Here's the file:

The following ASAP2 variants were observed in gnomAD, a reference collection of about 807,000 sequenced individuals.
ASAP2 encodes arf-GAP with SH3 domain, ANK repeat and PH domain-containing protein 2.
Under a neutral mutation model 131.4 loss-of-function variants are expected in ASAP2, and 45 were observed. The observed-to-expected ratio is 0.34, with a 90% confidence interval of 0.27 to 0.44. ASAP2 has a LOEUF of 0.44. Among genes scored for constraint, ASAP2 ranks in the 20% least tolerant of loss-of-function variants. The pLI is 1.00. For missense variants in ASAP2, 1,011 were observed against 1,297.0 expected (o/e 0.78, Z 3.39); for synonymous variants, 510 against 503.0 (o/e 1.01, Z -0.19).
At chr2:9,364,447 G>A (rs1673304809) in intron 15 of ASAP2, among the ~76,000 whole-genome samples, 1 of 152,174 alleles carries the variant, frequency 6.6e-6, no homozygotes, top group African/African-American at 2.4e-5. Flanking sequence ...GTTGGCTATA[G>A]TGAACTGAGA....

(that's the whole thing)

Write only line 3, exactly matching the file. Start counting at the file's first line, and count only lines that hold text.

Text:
Under a neutral mutation model 131.4 loss-of-function variants are expected in ASAP2, and 45 were observed. The observed-to-expected ratio is 0.34, with a 90% confidence interval of 0.27 to 0.44. ASAP2 has a LOEUF of 0.44. Among genes scored for constraint, ASAP2 ranks in the 20% least tolerant of loss-of-function variants. The pLI is 1.00. For missense variants in ASAP2, 1,011 were observed against 1,297.0 expected (o/e 0.78, Z 3.39); for synonymous variants, 510 against 503.0 (o/e 1.01, Z -0.19).